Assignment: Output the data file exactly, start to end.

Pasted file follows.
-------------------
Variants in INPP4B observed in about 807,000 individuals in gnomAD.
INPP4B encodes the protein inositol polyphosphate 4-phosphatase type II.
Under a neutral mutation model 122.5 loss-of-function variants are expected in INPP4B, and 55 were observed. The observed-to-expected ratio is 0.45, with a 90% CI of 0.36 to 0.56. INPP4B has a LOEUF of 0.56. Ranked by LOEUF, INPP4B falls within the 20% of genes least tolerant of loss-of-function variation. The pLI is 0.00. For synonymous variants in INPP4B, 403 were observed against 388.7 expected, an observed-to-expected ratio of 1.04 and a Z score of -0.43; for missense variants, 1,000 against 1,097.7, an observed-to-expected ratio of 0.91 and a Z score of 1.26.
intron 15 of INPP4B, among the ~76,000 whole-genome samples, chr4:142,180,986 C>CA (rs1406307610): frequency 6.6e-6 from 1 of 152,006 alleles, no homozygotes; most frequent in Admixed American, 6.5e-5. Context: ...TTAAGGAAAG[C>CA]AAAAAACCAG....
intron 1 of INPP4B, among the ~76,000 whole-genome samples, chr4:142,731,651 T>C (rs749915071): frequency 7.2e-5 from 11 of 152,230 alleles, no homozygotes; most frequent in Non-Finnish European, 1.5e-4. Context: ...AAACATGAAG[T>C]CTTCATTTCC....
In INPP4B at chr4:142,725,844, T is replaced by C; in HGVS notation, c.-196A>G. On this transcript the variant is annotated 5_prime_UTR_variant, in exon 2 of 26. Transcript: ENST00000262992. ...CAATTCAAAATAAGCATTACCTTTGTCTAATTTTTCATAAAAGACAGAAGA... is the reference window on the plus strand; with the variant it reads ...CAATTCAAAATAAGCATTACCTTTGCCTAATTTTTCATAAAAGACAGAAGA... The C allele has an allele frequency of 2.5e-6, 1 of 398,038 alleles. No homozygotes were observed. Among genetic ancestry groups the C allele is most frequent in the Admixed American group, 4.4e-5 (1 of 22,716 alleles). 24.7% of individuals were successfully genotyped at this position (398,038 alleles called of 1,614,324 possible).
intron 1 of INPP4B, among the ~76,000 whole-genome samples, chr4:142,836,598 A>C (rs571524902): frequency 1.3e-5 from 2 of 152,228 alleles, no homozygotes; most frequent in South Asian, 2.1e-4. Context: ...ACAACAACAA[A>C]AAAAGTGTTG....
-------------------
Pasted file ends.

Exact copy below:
Variants in INPP4B observed in about 807,000 individuals in gnomAD.
INPP4B encodes the protein inositol polyphosphate 4-phosphatase type II.
Under a neutral mutation model 122.5 loss-of-function variants are expected in INPP4B, and 55 were observed. The observed-to-expected ratio is 0.45, with a 90% CI of 0.36 to 0.56. INPP4B has a LOEUF of 0.56. Ranked by LOEUF, INPP4B falls within the 20% of genes least tolerant of loss-of-function variation. The pLI is 0.00. For synonymous variants in INPP4B, 403 were observed against 388.7 expected, an observed-to-expected ratio of 1.04 and a Z score of -0.43; for missense variants, 1,000 against 1,097.7, an observed-to-expected ratio of 0.91 and a Z score of 1.26.
intron 15 of INPP4B, among the ~76,000 whole-genome samples, chr4:142,180,986 C>CA (rs1406307610): frequency 6.6e-6 from 1 of 152,006 alleles, no homozygotes; most frequent in Admixed American, 6.5e-5. Context: ...TTAAGGAAAG[C>CA]AAAAAACCAG....
intron 1 of INPP4B, among the ~76,000 whole-genome samples, chr4:142,731,651 T>C (rs749915071): frequency 7.2e-5 from 11 of 152,230 alleles, no homozygotes; most frequent in Non-Finnish European, 1.5e-4. Context: ...AAACATGAAG[T>C]CTTCATTTCC....
In INPP4B at chr4:142,725,844, T is replaced by C; in HGVS notation, c.-196A>G. On this transcript the variant is annotated 5_prime_UTR_variant, in exon 2 of 26. Transcript: ENST00000262992. ...CAATTCAAAATAAGCATTACCTTTGTCTAATTTTTCATAAAAGACAGAAGA... is the reference window on the plus strand; with the variant it reads ...CAATTCAAAATAAGCATTACCTTTGCCTAATTTTTCATAAAAGACAGAAGA... The C allele has an allele frequency of 2.5e-6, 1 of 398,038 alleles. No homozygotes were observed. Among genetic ancestry groups the C allele is most frequent in the Admixed American group, 4.4e-5 (1 of 22,716 alleles). 24.7% of individuals were successfully genotyped at this position (398,038 alleles called of 1,614,324 possible).
intron 1 of INPP4B, among the ~76,000 whole-genome samples, chr4:142,836,598 A>C (rs571524902): frequency 1.3e-5 from 2 of 152,228 alleles, no homozygotes; most frequent in South Asian, 2.1e-4. Context: ...ACAACAACAA[A>C]AAAAGTGTTG....